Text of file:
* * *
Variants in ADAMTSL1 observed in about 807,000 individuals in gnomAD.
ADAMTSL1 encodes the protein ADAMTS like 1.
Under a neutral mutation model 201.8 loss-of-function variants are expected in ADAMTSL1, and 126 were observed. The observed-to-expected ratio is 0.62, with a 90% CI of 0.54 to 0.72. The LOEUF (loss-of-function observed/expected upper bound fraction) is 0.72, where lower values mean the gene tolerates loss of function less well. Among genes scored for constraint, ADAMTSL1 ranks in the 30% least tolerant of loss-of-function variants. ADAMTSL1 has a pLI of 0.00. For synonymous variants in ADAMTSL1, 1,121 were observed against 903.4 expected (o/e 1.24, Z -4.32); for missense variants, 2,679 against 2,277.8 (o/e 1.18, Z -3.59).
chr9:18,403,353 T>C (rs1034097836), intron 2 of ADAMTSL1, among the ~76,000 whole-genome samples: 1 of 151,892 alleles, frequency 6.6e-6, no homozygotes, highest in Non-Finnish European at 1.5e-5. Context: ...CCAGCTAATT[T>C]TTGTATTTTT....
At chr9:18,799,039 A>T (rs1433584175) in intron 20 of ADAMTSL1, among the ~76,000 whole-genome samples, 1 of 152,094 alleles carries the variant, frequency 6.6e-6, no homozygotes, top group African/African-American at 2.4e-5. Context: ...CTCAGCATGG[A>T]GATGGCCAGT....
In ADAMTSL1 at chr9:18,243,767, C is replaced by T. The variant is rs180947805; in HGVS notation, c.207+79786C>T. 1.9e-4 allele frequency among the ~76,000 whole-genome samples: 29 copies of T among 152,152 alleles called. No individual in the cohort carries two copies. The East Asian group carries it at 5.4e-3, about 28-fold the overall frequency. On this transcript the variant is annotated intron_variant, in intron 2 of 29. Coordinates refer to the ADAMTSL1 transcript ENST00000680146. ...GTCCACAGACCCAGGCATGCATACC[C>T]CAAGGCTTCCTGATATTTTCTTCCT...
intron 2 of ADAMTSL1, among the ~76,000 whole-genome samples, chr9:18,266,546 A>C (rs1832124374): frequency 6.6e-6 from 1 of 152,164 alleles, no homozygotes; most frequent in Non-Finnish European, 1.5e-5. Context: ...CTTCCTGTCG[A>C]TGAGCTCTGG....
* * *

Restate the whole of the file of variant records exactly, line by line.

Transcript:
Variants in ADAMTSL1 observed in about 807,000 individuals in gnomAD.
ADAMTSL1 encodes the protein ADAMTS like 1.
Under a neutral mutation model 201.8 loss-of-function variants are expected in ADAMTSL1, and 126 were observed. The observed-to-expected ratio is 0.62, with a 90% CI of 0.54 to 0.72. The LOEUF (loss-of-function observed/expected upper bound fraction) is 0.72, where lower values mean the gene tolerates loss of function less well. Among genes scored for constraint, ADAMTSL1 ranks in the 30% least tolerant of loss-of-function variants. ADAMTSL1 has a pLI of 0.00. For synonymous variants in ADAMTSL1, 1,121 were observed against 903.4 expected (o/e 1.24, Z -4.32); for missense variants, 2,679 against 2,277.8 (o/e 1.18, Z -3.59).
chr9:18,403,353 T>C (rs1034097836), intron 2 of ADAMTSL1, among the ~76,000 whole-genome samples: 1 of 151,892 alleles, frequency 6.6e-6, no homozygotes, highest in Non-Finnish European at 1.5e-5. Context: ...CCAGCTAATT[T>C]TTGTATTTTT....
At chr9:18,799,039 A>T (rs1433584175) in intron 20 of ADAMTSL1, among the ~76,000 whole-genome samples, 1 of 152,094 alleles carries the variant, frequency 6.6e-6, no homozygotes, top group African/African-American at 2.4e-5. Context: ...CTCAGCATGG[A>T]GATGGCCAGT....
In ADAMTSL1 at chr9:18,243,767, C is replaced by T. The variant is rs180947805; in HGVS notation, c.207+79786C>T. 1.9e-4 allele frequency among the ~76,000 whole-genome samples: 29 copies of T among 152,152 alleles called. No individual in the cohort carries two copies. The East Asian group carries it at 5.4e-3, about 28-fold the overall frequency. On this transcript the variant is annotated intron_variant, in intron 2 of 29. Coordinates refer to the ADAMTSL1 transcript ENST00000680146. ...GTCCACAGACCCAGGCATGCATACC[C>T]CAAGGCTTCCTGATATTTTCTTCCT...
intron 2 of ADAMTSL1, among the ~76,000 whole-genome samples, chr9:18,266,546 A>C (rs1832124374): frequency 6.6e-6 from 1 of 152,164 alleles, no homozygotes; most frequent in Non-Finnish European, 1.5e-5. Context: ...CTTCCTGTCG[A>C]TGAGCTCTGG....